» Results Top


A number of patients assessed for eligibility were 110, but 26 were excluded in view of preexisting phlebitis (24) and signs of systemic bacteremia.[2] The remaining 84 were equally randomized in the two groups. The analysis was done for 41 administered heparin QPS and 33 administered heparin gel as the rest were lost to follow-up [Figure 1].
Figure 1: CONSORT diagram

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Proportion of patients with no phlebitis at the end of 72 h period

Proportion of patients who developed no phlebitis was significantly higher (24 patients out of 41) in Group QPS (32.4%) as compared to Group GEL (7 patients out of 33) (9.4%) (P = 0.0019). About 17 patients in Group QPS and 26 patients in Group GEL developed signs of phlebitis during the entire study duration [Table 1].
Table 1: Proportion of patients with no superficial thrombophlebitis at the end of the study in two groups

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Proportion of patients with ST (Grade I and II)

Lesser proportion of patients were found to develop early signs of Grade I infusion-related phlebitis in Group QPS (22.9%) as compared to Group GEL (35%); P = 0.0019 [Table 2]. The proportion of patients who developed and progressed to Grade II infusion-related phlebitis in Group QPS was 13.5%, which was significantly lesser than the proportion of patients who developed Grade II phlebitis in Group GEL, 22.9%; P = 0.0279 [Table 2].
Table 2: Proportion of patients with superficial thrombophlebitis (Grade I and II) at the end of the study in the two groups

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[Figure 2] shows Grade III phlebitis in a patient with heparin gel and [Figure 3] shows Grade II phlebitis in a patient using heparin QPS.
Figure 2: Grade III phlebitis in a patient with prophylactic topical application of heparin gel

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Figure 3: Grade II phlebitis in a patient with prophylactic topical application of heparin quick penetrating solution

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Mean time to develop Grade I (QPS group = 59.7 h; GEL group = 58.46 h; P = 0.949, Mann–Whitney U-test) and Grade II (QPS group = 62.4 h; GEL group = 61.17 h; P = 0.732, Mann–Whitney U-test) phlebitis was comparable and nonsignificant in both the treatment groups.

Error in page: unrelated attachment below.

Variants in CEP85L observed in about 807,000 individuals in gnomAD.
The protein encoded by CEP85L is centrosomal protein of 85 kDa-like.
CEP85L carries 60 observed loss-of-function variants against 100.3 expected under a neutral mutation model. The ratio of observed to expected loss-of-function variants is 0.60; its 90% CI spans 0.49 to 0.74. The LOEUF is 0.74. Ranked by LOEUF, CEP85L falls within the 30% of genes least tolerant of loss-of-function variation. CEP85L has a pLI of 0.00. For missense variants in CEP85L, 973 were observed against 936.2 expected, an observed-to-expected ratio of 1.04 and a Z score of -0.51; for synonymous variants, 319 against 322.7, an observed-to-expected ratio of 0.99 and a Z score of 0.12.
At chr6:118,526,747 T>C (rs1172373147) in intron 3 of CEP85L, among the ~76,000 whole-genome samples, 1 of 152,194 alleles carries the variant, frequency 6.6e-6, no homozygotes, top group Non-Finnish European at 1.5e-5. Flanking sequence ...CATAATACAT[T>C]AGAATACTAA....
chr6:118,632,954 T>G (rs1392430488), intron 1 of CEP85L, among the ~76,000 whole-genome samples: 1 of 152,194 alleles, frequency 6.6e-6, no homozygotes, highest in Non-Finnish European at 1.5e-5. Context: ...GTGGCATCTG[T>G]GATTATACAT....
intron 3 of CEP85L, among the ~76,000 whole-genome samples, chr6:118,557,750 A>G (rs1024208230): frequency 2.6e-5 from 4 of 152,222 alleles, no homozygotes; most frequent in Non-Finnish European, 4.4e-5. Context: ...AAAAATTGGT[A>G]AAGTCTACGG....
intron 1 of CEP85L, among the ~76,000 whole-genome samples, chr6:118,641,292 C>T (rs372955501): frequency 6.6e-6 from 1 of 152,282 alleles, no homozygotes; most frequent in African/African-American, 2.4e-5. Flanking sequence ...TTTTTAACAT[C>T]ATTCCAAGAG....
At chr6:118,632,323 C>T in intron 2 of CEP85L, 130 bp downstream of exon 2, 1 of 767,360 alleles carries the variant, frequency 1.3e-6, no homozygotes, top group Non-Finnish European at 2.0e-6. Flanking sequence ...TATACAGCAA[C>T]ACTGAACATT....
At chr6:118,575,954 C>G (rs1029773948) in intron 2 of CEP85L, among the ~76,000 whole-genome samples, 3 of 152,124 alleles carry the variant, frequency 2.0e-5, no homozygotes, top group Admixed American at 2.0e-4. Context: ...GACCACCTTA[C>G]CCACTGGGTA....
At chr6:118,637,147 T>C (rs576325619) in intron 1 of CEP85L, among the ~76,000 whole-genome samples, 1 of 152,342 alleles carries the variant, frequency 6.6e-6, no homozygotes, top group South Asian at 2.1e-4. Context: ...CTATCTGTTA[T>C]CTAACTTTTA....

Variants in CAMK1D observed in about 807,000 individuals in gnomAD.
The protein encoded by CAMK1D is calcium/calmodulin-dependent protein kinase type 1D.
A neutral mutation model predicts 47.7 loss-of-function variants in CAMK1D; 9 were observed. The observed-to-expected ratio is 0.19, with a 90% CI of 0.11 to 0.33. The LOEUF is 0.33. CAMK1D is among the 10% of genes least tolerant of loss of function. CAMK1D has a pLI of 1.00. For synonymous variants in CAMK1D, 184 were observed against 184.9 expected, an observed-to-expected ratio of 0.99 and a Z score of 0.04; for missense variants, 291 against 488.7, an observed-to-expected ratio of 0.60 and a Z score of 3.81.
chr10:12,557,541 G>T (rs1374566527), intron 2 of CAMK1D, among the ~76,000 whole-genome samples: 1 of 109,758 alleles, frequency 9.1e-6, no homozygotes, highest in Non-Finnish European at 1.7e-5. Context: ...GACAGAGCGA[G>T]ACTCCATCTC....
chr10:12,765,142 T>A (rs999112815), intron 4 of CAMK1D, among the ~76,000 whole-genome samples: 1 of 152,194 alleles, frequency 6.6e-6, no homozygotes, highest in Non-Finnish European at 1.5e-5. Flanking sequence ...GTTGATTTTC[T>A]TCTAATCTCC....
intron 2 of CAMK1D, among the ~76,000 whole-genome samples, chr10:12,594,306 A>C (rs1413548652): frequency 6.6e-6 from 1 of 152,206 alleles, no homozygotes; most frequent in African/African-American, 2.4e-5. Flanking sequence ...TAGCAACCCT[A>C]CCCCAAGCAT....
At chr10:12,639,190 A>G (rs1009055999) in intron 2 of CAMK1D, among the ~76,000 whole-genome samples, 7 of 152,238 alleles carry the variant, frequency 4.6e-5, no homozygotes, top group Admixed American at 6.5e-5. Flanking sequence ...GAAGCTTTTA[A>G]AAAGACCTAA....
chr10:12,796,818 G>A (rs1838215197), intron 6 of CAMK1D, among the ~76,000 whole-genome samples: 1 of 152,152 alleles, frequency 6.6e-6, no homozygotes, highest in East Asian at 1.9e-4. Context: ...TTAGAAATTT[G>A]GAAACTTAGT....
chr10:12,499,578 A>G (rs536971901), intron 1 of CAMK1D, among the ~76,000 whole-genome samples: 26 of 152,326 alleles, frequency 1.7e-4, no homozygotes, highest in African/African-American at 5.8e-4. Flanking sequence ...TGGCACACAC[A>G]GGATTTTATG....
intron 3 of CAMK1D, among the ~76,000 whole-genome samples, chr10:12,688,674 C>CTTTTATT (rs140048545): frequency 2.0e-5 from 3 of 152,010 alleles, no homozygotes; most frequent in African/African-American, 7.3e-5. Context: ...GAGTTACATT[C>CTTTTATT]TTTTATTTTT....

No AEs were reported in either group.


 » Discussion Top


In our study, topical administration of heparin QPS was more effective than gel for prevention of infusion-associated phlebitis. Both the treatments showed comparable delay in progression and development of infusion-related phlebitis and none reported any adverse event.

Previous literature reports an overall incidence rate of thrombophlebitis of 50% with 61% developing Grade 1 phlebitis and 39% developing Grade 2 phlebitis when no prophylaxis is administered.[7] The proportion of patients with Grade I and Grade II phlebitis was 22.9% and 13.5% with QPS and 35.13% and 22.97% with gel, respectively, in our study and is less than the above-mentioned figures and thus highlights the efficacy of the drugs administered.

Various formulations of heparin have been marketed and tested for prevention and treatment of ST. Heparin-spraygel (Viatromb 2.400 IU/g heparin spraygel) has been used for the prevention of local complications of IV cannulation.[8] Heparin QPS has been reported to be more effective than the gel for treatment of superficial phlebitis.[9] It contains 1000 IU/ml of heparin, unlike other conventional products which contain only up to 200 IU/g. The QPS technology of drug delivery enhances the clinical efficacy of the drug by ensuring greater penetration. Thrice a day application of heparin for a maximum of 7 days or till healing of lesions has also been used for treatment in the previous studies, but in our study, we used thrice a day application for a treatment period of 72 h only.[8] Concomitant use of heparin infusion (5000 U) before and during the administration of antineoplastic agents for a duration of 12 h lowers the incidence of phlebitis in patients with ovarian cancers, but topical applications are definitely more easier to administer.[10]

Previous studies have reported that use of infusion pumps, insertion of catheters in the veins around the elbow, antibiotics with low ph, and hyper/hypo-osmolality increase the incidence of ST, but the use of the smallest size catheter for the largest size vein decrease the incidence.[11],[12] The use of IV sets with 0.22-micron IVEX-HP filters is effective in reducing the incidence of microparticulate-induced phlebitis.[13] In our study, we have not used any infusion pumps or filters and excluded patients receiving irritant IV drugs.

Limitation of our study is that we did not include a control group, and thus, the incidence of thrombophlebitis without any medical management has not been recorded. This study compares the efficacy of two different drug formulations, but the efficacy of each formulation in decreasing the incidence from the control has not been evaluated.